A Somali pirate group holding a British couple kidnapped from their yacht one year ago says Paul and Rachel Chandler will not be released until a full ransom is paid.
In an interview with a local radio station in Somalia, a spokesman for the pirate group, identified only as "Qodar," insisted the Chandlers would never be allowed to go free unless the group's ransom demand is met.
Qodar says Paul and Rachel Chandler were well-treated for the first six months of their captivity, but their living conditions have deteriorated since. He says a ransom should be paid immediately to prevent the elderly couple from dying of neglect in Somalia.
The pirate group's statement appeared to be in response to a pledge made last week by Somalia's Transitional Federal Government to seek new negotiation channels, including contacts with clan and community leaders, for the Chandler's release. The government condemned the pirate hostage-takers, saying their actions have brought "terrible shame" to the nation.
Saturday marked the one-year anniversary of the kidnapping, which made headlines around the world. The retired couple, on a pleasure cruise, had just left the Seychelles islands in their yacht and was sailing toward Tanzania, when they were captured by a Somali pirate group on the prowl in the Indian Ocean.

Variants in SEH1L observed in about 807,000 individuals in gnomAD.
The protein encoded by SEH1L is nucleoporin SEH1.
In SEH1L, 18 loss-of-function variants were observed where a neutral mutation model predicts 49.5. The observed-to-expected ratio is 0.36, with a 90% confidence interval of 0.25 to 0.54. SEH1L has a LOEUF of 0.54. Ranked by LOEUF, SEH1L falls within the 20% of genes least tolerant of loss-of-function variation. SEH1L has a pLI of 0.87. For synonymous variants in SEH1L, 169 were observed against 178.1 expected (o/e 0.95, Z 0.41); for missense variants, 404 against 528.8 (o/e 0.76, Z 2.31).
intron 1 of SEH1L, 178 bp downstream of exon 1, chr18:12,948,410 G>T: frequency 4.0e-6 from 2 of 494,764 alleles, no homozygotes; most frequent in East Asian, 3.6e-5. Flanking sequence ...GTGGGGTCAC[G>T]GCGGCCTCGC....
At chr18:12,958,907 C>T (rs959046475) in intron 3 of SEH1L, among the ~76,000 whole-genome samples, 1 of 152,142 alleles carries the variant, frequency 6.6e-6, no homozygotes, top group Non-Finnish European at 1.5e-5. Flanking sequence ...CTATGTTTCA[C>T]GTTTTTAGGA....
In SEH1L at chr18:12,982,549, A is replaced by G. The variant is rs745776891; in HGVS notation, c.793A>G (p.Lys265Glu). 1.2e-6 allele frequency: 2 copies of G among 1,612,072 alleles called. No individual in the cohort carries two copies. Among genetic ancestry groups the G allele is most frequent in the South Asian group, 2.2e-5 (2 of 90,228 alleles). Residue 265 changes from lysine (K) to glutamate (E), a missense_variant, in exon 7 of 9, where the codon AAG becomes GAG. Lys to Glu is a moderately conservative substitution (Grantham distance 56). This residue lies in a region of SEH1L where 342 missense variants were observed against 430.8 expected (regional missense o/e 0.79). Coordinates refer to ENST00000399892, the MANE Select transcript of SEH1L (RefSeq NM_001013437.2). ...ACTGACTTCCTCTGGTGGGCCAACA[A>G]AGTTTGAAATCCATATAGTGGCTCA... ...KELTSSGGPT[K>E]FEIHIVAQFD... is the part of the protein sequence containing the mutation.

Fearing a possible rescue attempt, the pirates kept the Chandlers on shore and in separate locations for months. But recent reports say the couple is now being held together because the pirates are no longer willing to pay the cost of keeping them apart.
It is believed the Chandlers are currently being held in or near the town of Adado, close to the Ethiopian border, in central Somalia. It is also the area, where a security consultant for British charity Save the Children was kidnapped on Oct. 15th.
Media reports say the consultant, Frans Barnard, went to Adado to try to contact the pirate group holding the Chandlers and negotiate their release. Barnard had recently expressed fear that the couple could become pawns in a conflict between their pirate captors and al-Qaida-linked al-Shabab militants trying to expand their control in the area.
The consultant was released five days later. Save the Children credited local clan elders for securing Barnard's release, and denied reports that a ransom of $100,000 had been paid to the kidnappers.
In June, a ransom of nearly $500,000, collected by friends and family of the Chandlers, was delivered to the pirates. But the exchange failed when, after the money was dropped-off, the pirates increased the ransom demand to $1 million for the couple.
The British government continues to oppose the payment of ransom and has not been involved in the case.
Article by Alisha Ryu, VOA News